Radio: Still Okay. (8/30)

I always have to check in when I get to the Radiotherapy ward. I go to the desk and hand my appointment card over to one of the smiley ladies sitting waiting for me – one has dyed dark hair and killer brows, one has the most perfect luscious bob much like mine but better, and one is a Spanish sweetheart who always looks a little sad for me when I approach.
There's also a guy sat behind the desk and off to my left, an older chap who wears some kind of uniform jumper and always has his head in a little book. When I first noticed him the other day it was Roald Dahl. For the past two days it's been Agatha Christie (two of her novels). I'd quite like to befriend this guy – we could talk books every day. I get the impression he's more of a traditional reader than me though. I'd lend him a YA novel and he'd be so confused.

I'm really grateful that all my radiographers wear name tags. I hate forgetting people's names – I am always so close to doing the Dr Molly Clock trick and holding a person's face right before mine after they tell me their name, repeating this name over and over as I take in their features. Luckily I don't have to resort to that extreme with the radio people, they all have their names emblazoned on their chests. It is tricky, though, to catch their name when they're not looking and not seem like I'm staring at their boobs. Oh yeah, my radiographers are all women. Or have all been women so far. I see men wandering about the ward from time to time, but only ladies deal with me. I wonder if that's deliberate – female patients, female attendees. I can't imagine why they would make it this way, but maybe.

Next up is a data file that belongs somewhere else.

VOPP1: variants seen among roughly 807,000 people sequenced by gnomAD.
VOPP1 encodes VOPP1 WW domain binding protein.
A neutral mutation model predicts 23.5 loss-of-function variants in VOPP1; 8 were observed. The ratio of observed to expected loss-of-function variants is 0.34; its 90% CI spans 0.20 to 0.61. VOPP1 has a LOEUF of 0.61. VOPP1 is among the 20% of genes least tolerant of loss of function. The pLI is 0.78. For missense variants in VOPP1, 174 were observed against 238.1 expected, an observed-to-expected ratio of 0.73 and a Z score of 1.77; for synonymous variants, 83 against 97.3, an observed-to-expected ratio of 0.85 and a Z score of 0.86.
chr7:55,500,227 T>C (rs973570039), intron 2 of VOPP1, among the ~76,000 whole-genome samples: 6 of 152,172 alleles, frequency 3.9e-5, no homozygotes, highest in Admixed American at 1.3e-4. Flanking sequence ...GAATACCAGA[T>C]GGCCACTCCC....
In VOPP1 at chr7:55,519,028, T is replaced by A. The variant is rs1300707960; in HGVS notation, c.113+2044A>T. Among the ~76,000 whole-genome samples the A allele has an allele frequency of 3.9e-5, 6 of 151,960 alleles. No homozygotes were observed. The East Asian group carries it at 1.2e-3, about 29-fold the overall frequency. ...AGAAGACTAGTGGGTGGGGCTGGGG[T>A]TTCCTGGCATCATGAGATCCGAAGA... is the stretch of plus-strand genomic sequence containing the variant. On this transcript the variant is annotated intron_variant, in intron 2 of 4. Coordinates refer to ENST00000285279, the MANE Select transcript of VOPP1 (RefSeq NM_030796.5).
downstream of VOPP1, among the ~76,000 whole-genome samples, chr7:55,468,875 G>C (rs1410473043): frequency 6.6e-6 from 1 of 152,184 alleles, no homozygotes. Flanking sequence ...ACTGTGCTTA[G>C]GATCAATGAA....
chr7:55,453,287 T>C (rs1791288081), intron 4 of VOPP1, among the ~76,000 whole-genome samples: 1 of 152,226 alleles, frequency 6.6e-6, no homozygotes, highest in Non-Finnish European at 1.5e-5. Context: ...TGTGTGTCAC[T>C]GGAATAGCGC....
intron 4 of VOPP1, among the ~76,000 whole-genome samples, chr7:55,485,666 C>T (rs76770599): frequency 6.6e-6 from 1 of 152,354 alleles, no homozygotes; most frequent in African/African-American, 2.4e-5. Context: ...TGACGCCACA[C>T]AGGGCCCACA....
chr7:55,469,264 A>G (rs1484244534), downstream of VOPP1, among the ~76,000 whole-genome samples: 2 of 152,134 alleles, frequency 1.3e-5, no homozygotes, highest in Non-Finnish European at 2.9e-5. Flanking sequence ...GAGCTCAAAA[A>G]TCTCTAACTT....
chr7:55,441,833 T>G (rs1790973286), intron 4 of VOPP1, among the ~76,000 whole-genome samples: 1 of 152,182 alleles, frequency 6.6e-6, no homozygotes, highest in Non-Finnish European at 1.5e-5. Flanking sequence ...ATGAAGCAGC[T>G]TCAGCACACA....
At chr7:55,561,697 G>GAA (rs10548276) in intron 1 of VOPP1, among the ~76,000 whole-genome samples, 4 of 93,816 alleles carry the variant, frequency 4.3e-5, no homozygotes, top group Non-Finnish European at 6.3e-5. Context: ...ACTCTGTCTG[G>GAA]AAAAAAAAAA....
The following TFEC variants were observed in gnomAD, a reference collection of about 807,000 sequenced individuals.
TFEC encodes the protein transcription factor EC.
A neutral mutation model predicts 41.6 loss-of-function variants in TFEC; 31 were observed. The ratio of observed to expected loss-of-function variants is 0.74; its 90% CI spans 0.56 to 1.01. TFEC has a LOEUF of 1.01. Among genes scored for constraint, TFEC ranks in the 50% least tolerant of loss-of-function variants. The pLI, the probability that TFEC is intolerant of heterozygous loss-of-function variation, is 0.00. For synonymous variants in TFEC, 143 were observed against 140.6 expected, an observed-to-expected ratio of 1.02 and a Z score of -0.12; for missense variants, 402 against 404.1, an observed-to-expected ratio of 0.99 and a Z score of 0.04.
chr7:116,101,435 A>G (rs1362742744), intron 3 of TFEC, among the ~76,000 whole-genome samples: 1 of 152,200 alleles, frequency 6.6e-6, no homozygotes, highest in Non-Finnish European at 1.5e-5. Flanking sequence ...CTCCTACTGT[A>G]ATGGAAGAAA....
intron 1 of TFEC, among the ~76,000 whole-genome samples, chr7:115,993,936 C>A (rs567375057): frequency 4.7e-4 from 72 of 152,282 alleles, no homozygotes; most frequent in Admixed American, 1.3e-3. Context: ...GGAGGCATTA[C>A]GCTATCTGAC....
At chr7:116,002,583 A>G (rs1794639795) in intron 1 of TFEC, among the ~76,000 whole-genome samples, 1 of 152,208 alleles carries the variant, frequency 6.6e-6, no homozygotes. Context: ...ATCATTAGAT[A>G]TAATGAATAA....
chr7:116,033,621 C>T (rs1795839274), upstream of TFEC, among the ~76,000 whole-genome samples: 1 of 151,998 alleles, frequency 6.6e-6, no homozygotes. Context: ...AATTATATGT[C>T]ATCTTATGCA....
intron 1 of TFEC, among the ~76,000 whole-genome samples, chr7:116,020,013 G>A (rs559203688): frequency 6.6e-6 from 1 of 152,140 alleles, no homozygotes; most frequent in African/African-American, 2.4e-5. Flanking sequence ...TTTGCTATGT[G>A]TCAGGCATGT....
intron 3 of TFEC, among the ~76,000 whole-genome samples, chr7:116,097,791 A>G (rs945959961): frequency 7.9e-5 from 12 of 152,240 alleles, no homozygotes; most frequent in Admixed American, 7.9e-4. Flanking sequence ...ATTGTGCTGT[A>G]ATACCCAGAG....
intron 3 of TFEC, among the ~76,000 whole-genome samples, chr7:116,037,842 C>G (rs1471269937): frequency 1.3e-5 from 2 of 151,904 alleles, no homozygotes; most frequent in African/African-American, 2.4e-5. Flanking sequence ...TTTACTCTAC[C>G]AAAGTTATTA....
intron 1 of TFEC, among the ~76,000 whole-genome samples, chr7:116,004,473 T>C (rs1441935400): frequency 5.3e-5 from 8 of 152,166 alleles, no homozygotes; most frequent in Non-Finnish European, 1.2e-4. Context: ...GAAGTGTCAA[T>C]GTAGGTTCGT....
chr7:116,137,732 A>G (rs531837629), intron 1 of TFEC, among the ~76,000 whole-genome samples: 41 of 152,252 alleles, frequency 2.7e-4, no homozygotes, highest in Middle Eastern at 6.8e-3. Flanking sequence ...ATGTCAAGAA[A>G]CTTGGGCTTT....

I can safely say now that it definitely takes longer to get me all set up and sorted – ask me for my name, date of birth and first line of my address, clip on the mask, get me all lined up and test the machine – than it does to actually administer my dose of radiation. I am barely in there for the length of a song. I'd say with the prep included, and the time it takes to walk from the waiting room into the special suite and back, it can't be any longer than nine minutes.
I'm so glad we're not driving up to the hospital and back every day just for this tiny period of time. Don't get me wrong, I know driving an hour and a half there and back (on a good day, that is) is the least we can be doing to help me in the long run; you cannot put a price on a healthy brain after all. It's just a bit of a palava some days. Which is why I'm so happy we've been given the flat.
Mama L and I have stayed in the hospital-managed flat in Belmont high street for two nights this week, and will most likely be there for three next week. We're making it homey and getting shit done: I am on a health kick and eating accordingly, we have started binging on Once Upon A Time series one, and in between outings and the aforementioned binging I am setting up my laptop at the cute little dining table and cracking out a few words on my novel (more on that in a sec, I don't want to go off on any tangents in this post as I'm so aware that my last couple have been paragraphs upon paragraphs of mindless word vomit)...

Our new local is Caffe Nero, Sutton High Street. Not the one down opposite Times Square shopping centre (not really a fitting name, goodness me Sutton people!), the one up the top near Morrisons that is so open and lovely and has the nicest team working behind its bar. We go there actually almost every day, use and abuse their free wifi and have at least two drinks each. The team always take my staff discount card and ask which store I work in, then say something along the lines of 'Ahh, you're one of us!' Which makes me do a little happy dance while waiting for my cuppa to be brewed. I have had to tell a couple of them why I'm so far from my store, and not working, though. I try and play it cool – 'Oh, I'm in the Marsden hospital? Yeah, having some treatment. I'll be back at work soon!' (Because I will. I will be straight back to work when all this is over!)